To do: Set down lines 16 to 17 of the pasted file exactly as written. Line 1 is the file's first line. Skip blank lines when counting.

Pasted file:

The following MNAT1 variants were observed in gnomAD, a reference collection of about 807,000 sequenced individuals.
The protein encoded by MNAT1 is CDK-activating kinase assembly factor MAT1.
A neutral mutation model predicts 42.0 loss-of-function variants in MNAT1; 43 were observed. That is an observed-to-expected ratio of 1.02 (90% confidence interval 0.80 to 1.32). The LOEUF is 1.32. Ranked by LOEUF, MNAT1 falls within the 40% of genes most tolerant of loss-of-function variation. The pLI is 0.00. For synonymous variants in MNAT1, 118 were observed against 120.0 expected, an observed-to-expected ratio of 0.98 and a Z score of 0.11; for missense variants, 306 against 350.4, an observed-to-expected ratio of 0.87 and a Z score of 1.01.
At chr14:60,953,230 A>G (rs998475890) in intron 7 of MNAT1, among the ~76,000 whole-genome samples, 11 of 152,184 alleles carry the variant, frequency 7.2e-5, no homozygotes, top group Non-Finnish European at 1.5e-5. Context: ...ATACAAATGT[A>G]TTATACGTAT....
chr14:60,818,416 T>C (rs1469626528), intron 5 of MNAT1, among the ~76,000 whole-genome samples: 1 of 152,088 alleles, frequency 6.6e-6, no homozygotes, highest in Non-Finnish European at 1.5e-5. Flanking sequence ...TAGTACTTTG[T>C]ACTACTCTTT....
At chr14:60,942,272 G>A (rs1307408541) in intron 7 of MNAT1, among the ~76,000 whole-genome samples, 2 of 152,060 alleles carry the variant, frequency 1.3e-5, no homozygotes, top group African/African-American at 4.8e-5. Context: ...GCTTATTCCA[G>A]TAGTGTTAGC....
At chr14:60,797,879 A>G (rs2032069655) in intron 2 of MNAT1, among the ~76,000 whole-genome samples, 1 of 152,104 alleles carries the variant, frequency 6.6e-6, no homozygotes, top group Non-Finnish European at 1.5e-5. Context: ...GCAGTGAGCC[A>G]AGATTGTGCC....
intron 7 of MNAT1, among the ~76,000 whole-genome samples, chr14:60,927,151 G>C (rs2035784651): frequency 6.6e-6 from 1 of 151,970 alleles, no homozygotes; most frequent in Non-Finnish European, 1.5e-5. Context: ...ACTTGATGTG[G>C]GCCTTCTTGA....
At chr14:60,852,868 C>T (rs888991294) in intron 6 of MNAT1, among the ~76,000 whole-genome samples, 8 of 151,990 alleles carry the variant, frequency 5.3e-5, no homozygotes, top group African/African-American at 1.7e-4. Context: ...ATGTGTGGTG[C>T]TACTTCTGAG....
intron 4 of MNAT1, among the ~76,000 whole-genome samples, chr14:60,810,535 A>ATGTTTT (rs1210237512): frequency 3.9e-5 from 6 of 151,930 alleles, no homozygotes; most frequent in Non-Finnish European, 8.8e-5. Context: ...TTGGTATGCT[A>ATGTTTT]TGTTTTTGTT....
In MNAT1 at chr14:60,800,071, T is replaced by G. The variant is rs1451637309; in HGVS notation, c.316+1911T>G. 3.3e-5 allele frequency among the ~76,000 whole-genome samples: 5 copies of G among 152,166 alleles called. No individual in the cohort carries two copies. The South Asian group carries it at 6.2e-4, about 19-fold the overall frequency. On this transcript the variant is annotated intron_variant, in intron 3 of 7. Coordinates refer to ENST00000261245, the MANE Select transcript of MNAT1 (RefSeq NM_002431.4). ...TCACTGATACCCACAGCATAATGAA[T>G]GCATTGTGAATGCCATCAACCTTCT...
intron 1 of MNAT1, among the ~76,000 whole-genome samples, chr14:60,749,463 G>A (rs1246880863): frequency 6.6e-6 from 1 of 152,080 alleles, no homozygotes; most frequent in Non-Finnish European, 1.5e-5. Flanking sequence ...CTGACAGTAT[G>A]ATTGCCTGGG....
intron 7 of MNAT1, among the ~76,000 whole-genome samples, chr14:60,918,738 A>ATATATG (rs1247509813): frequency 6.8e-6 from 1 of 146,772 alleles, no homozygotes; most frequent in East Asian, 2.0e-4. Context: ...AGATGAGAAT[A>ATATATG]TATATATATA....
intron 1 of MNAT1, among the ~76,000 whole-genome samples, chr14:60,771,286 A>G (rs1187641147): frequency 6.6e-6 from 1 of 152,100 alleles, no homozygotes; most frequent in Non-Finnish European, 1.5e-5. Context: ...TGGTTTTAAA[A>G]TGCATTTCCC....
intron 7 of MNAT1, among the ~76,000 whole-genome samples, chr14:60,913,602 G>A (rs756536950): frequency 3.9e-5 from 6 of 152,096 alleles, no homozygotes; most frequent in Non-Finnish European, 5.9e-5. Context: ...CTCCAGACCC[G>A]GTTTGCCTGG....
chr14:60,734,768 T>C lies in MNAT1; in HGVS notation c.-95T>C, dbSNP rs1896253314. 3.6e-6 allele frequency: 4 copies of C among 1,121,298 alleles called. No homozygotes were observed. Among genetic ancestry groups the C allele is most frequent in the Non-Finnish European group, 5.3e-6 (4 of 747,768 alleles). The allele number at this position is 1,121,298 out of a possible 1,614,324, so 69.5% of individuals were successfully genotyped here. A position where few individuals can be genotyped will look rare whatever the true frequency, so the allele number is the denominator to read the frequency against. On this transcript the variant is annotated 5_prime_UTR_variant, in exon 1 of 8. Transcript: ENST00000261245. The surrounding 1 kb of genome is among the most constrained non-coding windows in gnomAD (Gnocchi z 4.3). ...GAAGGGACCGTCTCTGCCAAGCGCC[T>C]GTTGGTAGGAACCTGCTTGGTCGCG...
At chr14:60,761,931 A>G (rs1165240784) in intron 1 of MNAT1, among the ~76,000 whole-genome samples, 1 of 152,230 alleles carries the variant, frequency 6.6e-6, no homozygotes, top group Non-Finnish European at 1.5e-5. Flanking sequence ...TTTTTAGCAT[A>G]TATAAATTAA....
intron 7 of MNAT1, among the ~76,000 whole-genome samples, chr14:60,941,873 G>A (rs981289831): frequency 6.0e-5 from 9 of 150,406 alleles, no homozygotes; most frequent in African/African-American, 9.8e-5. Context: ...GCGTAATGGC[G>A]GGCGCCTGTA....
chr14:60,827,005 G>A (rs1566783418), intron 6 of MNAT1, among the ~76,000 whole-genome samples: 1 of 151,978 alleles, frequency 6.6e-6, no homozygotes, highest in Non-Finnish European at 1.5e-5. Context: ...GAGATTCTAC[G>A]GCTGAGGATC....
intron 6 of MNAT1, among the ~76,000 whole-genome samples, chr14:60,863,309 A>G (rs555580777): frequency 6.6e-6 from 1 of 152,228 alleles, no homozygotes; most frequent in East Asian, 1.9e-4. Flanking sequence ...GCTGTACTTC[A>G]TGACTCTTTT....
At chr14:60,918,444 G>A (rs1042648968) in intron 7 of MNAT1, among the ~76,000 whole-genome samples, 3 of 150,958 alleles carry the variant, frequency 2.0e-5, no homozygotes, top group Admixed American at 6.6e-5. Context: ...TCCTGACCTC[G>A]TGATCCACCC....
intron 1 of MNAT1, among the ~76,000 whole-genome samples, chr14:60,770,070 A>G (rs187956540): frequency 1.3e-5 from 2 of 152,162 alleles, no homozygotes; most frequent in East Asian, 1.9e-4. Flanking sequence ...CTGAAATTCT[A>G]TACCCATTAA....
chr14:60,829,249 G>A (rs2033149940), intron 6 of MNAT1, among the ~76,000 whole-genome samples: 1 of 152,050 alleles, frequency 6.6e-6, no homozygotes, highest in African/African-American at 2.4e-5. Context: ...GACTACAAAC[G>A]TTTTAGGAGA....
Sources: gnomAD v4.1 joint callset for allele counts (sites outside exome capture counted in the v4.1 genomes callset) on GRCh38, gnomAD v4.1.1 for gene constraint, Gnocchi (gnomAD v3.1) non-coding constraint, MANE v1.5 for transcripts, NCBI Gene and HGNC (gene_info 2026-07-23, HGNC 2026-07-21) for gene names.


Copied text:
chr14:60,734,768 T>C lies in MNAT1; in HGVS notation c.-95T>C, dbSNP rs1896253314. 3.6e-6 allele frequency: 4 copies of C among 1,121,298 alleles called. No homozygotes were observed. Among genetic ancestry groups the C allele is most frequent in the Non-Finnish European group, 5.3e-6 (4 of 747,768 alleles). The allele number at this position is 1,121,298 out of a possible 1,614,324, so 69.5% of individuals were successfully genotyped here. A position where few individuals can be genotyped will look rare whatever the true frequency, so the allele number is the denominator to read the frequency against. On this transcript the variant is annotated 5_prime_UTR_variant, in exon 1 of 8. Transcript: ENST00000261245. The surrounding 1 kb of genome is among the most constrained non-coding windows in gnomAD (Gnocchi z 4.3). ...GAAGGGACCGTCTCTGCCAAGCGCC[T>C]GTTGGTAGGAACCTGCTTGGTCGCG...
At chr14:60,761,931 A>G (rs1165240784) in intron 1 of MNAT1, among the ~76,000 whole-genome samples, 1 of 152,230 alleles carries the variant, frequency 6.6e-6, no homozygotes, top group Non-Finnish European at 1.5e-5. Flanking sequence ...TTTTTAGCAT[A>G]TATAAATTAA....